Today we celebrate the birthday of Civil Rights leader Martin Luther King Jr. Although in some circles this has been reduced to a good excuse for a day off work, it remains an important day to commemorate civil rights for all and the human spirit’s beauty and dignity. A quick disclaimer: I am a white woman. I don’t have any African-American blood inside me, and although I am 1/16 Cherokee, I would not consider myself a Native American. So I don’t know firsthand what it is to be discriminated against and thought less of due to skin color. However, I do know what it is to belong to a people group struggling for civil rights.
There are those who claim disability is not a civil rights issue and that those who say otherwise are deluding themselves. Some of these people are written about in Mary Johnson’s book Make Them Go Away. The general thought process is that because persons with disabilities cannot access certain buildings, cannot perform certain jobs, and cannot walk, talk, move, eat, or go to the bathroom in the same way as every other person on the planet, they should not complain that the world is not built around them. There is also a thought process that says, people with disabilities already have equal rights because unlike skin color, their disabilities can be helped or fixed. If they would just get up off their lazy butts and exercise more, work harder to walk and talk, work harder to read, and learn to clean up after themselves, they’d be equal. They shouldn’t expect the rest of us to cater to them.
Two thoughts on that. One, it’s a bunch of baloney, and two, that’s essentially what we used to say about blacks. If they would get better educations and learn to act like white people, they could be equal, right? Wrong! So why do we continue to insist things should be different for PWDs?
Martin Luther King Jr. had a dream. Parts of it have been accomplished. Parts of it we are still waiting for, because human nature is to judge, to put down, to harm, and to kill. Parts of it have been misrepresented or twisted to fit other people’s agendas. But we’re a lot closer to his dream of equality based on skin color than we used to be. If you can walk down the street and no longer see “Colored Entrance” on buildings, if you have dark skin and can vote without taking a bizarre literacy test, if teachers and principals warn parents about racist material in textbooks and reading assignments–that is progress. Not enough in a lot of cases, yes. But progress.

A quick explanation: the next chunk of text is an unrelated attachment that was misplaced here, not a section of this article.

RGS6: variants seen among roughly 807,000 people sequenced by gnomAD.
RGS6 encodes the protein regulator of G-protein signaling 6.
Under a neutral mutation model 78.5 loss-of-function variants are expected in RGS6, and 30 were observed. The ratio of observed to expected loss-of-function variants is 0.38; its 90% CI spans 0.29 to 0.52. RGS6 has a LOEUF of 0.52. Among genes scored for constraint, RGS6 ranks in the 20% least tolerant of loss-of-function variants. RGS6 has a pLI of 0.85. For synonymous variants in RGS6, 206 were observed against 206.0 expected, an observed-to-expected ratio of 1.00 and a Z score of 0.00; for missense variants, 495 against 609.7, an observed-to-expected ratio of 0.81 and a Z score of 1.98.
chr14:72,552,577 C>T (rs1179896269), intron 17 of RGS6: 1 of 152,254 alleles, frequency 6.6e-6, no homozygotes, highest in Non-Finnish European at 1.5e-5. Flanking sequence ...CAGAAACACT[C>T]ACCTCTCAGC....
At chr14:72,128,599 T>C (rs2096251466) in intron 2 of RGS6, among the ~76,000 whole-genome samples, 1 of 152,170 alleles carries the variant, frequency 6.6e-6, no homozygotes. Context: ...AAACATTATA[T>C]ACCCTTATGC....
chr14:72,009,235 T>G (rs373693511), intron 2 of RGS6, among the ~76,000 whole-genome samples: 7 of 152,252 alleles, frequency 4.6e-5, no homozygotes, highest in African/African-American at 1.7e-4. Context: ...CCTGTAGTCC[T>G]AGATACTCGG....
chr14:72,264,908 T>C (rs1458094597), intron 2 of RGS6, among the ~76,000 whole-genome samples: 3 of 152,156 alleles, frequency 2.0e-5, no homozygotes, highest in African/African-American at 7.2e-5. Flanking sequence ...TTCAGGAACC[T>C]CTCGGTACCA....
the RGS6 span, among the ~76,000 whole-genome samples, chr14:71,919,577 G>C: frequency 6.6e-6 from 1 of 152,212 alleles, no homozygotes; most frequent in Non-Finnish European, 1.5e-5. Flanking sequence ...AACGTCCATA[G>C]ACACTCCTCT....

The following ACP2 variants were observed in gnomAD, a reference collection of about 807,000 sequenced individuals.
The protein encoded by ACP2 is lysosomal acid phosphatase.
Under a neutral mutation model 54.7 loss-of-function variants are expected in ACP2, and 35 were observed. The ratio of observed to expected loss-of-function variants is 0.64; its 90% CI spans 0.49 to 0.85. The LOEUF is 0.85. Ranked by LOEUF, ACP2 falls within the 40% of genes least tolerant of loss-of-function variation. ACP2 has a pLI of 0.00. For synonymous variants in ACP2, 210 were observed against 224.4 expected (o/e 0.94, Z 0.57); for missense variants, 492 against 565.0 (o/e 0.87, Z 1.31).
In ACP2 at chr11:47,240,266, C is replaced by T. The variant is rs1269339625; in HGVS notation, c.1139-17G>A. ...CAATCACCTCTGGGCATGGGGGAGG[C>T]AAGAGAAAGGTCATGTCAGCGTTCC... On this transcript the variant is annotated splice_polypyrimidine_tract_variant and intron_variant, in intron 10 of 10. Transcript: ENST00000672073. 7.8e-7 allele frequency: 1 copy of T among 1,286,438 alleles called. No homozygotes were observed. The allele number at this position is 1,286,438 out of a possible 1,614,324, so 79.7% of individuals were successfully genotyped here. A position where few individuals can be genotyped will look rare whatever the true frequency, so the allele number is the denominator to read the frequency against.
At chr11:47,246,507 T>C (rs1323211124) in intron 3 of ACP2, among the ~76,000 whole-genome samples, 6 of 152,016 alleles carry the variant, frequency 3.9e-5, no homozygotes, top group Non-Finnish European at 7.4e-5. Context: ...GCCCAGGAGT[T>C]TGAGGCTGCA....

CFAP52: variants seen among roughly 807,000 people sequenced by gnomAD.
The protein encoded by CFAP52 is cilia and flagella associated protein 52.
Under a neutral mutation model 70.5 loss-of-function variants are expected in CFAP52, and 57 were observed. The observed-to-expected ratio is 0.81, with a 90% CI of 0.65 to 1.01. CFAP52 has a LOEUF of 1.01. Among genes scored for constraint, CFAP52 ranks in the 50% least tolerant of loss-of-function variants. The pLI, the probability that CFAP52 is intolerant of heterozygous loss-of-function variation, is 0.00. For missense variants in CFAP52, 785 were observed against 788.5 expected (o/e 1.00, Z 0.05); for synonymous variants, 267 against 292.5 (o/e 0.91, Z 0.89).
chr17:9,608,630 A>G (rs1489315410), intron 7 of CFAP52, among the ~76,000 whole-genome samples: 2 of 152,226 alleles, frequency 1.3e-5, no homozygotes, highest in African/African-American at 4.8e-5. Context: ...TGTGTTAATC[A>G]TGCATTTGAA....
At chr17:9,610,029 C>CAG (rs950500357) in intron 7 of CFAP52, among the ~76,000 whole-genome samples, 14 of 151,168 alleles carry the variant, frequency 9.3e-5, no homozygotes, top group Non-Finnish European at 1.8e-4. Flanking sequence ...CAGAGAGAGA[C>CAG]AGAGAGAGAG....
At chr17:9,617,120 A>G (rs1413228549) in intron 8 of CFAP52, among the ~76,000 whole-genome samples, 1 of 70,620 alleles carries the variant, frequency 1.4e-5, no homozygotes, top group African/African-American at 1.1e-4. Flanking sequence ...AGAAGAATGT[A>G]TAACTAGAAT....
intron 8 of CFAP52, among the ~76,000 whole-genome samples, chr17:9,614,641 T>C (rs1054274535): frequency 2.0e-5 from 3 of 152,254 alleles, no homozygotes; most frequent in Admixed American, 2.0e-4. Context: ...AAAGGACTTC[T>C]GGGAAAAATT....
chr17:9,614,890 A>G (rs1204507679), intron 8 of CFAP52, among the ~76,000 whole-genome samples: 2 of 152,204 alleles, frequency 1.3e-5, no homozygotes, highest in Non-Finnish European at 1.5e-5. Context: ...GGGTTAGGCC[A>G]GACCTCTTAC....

I have a dream, too, and I want to examine the progress we’ve made toward it. As you might guess, the dream is to see PWDs treated as equal to their temporarily able-bodied peers. To see them judged not by the limb that is missing, the mouth or eyes or ears that work differently, the tasks they cannot complete, but by the tasks they can complete, the talents they possess, their character and integrity, and their hearts.
In a lot of ways, we’re already there. Back in the 1920s, for example, a boy who used a wheelchair was denied access to public school because “his presence would depress and nauseate the other children.” In the 1940s-’60s, it was not only commonplace but considered completely normal to immediately institutionalize, for life, any child born with cerebral palsy or Down syndrome, degree of severity notwithstanding. We didn’t even have an Americans with Disabilities Act or an Individuals with Disabilities Education Act until the 1990s. Many schools are moving from segregated special classrooms to partial or full inclusion. Transportation workers who deny PWDs access to their vehicles are disciplined for it. Universal design is slowly becoming considered in more housing options. We’ve come a long way, but we’ve still got plenty to do.
A Texas mother was offered eighty-six thousand dollars to keep her son with autism out of school.
A woman with a physical disability named Ellen Nuzzi was called selfish for wanting to ride a public bus.
Persons with disabilities in New York have to ask kiosk attendants for bathroom access in public, open spaces such as street fairs–and that’s if the attendant even bothers to show up.
People with disabilities are regularly discriminated against at work, placed on arbitrary discipline plans, and fired.
High school graduates with disabilities are maligned because their “life skills curriculum” offered little to no preparation for real-world experiences.
In foreign countries, children with disabilities are kept in cages due to “behavioral and emotional issues.” They are left chained to bus stops during the day because no one is available to care for them.
Some adults with disabilities are America’s slaves. Why? Because they are placed in sheltered workshops, forced to make widgets or pack boxes, for no pay or sub-minimum compensatory wages (compensatory to the supervisor, not them)
People with disabilities are still placed in corners. They’re told to sit down, shut up, do menial work, and accept the crumbs society gives them.
Celebrate civil rights today. As you do, please join me in continuing to raise awareness. Disability is a big civil rights issue. It’s time we came out from underground, turned traditional thinking on its head, and kept working to finish the movement. Will it ever be finished? Sadly, probably not. But we can make great strides while we’re here.